Another reason, no doubt, that many German families left their homeland was overwhelming economic hardship. 

The war years had left their mark on the economy of the country and the political unrest slowed the rebuilding process.  Germany was one of the last countries to throw off the feudal system under which the peasants were still at the mercy of the landowners.  Add to this a series of crop failures in the 1830's and 1840's and you have the main reason for looking elsewhere for the means to exist and raise a family. [ii]

The following text taken from “In Search of your German Roots” by Angus Baxter also sheds some light on the social or religious strife at this time in German history.

By 1818 one bad harvest had followed another, the Napoleonic Warshad taken their toll of life and property, and religious disputes within the Lutheran Church had led to ill feeling and a disruption of orderly life. All these events led to another wave of emigration - this time from Bavaria (Bayern) and Württemberg, and later from Hesse (Hessen), Thuringia (Thuringen), and West Prussia (Westpreussen). By 1840 all the Germanic areas were contributing to the floodtide, but the majority still came from the southwest-mainly because of the close association with America and family connections with those already established in the great republic beyond the ocean.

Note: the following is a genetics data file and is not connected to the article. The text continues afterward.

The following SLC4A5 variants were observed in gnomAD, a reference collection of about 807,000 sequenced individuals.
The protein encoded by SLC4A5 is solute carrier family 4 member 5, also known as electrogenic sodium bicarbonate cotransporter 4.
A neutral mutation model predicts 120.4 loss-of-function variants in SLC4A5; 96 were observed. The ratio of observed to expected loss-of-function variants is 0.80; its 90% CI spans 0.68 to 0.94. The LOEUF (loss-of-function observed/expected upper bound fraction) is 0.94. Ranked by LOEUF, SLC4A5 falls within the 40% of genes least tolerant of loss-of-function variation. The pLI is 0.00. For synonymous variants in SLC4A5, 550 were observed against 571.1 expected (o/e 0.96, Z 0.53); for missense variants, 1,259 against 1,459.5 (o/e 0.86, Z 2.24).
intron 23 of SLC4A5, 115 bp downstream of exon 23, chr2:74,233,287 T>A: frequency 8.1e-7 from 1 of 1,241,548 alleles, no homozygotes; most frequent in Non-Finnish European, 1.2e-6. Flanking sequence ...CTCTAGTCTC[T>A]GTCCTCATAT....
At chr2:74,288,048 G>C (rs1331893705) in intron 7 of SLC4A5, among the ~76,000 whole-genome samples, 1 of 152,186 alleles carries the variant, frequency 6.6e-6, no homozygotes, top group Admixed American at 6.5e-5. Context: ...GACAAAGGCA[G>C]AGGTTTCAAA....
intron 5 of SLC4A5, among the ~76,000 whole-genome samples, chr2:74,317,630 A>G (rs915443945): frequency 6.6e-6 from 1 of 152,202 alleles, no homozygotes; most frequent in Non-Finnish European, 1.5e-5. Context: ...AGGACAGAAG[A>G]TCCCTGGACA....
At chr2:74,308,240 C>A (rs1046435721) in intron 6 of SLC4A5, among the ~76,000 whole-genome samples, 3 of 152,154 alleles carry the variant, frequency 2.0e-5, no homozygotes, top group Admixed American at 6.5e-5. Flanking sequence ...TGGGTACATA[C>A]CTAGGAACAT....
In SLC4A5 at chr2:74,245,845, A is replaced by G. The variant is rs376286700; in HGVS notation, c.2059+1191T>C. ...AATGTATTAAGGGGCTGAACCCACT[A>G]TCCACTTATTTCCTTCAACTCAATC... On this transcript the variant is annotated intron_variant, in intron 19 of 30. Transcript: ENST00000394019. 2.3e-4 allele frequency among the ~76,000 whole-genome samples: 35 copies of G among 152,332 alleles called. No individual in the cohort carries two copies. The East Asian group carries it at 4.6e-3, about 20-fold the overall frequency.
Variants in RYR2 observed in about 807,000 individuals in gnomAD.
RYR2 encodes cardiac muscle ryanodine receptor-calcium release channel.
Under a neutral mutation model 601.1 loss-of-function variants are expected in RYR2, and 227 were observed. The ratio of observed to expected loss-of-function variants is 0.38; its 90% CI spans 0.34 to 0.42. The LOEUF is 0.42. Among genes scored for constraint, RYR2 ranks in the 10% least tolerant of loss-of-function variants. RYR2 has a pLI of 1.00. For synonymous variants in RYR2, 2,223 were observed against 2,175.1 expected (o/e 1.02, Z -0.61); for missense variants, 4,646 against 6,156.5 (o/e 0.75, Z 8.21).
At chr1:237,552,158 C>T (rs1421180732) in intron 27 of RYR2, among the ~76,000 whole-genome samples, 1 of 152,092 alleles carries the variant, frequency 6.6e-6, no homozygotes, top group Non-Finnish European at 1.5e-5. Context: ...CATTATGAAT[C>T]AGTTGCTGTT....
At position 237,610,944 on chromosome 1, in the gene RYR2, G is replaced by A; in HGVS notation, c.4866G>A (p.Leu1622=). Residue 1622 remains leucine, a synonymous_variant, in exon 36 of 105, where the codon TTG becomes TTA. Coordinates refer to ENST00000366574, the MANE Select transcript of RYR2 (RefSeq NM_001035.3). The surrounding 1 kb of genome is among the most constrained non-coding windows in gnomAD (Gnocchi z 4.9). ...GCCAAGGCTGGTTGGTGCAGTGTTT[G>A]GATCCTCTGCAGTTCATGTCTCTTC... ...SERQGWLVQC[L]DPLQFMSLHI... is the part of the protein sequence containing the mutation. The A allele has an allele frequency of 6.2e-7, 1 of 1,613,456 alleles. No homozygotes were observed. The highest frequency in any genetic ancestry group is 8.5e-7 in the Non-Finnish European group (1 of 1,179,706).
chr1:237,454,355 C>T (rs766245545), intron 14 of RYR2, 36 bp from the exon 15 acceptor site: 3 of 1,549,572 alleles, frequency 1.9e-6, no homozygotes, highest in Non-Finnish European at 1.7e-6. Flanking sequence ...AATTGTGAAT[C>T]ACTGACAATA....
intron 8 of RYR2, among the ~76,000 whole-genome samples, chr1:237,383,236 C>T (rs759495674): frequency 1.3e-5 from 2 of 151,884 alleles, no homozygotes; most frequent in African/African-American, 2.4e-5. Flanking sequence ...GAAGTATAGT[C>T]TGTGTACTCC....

The religious disputes I mentioned above were caused in the main by a compulsory union of the Reformed and Lutheran churches ordered by King Frederick William III of Prussia. A breakaway sect opposed to union and known as the “Old Lutherans” took the lead in the new emigration. More than a thousand went to the United States in 1839 - 700 to Wisconsin and the rest to Buffalo. In 1847 a large organized party left Lippe-Detmold in the North Rheinland for Missouri and Wisconsin and in the following year more Missouri settlements were established by immigrants from Westphalia (Westfalen) and Hamburg. Smaller family groups went to the cities of Milwaukee and Cleveland.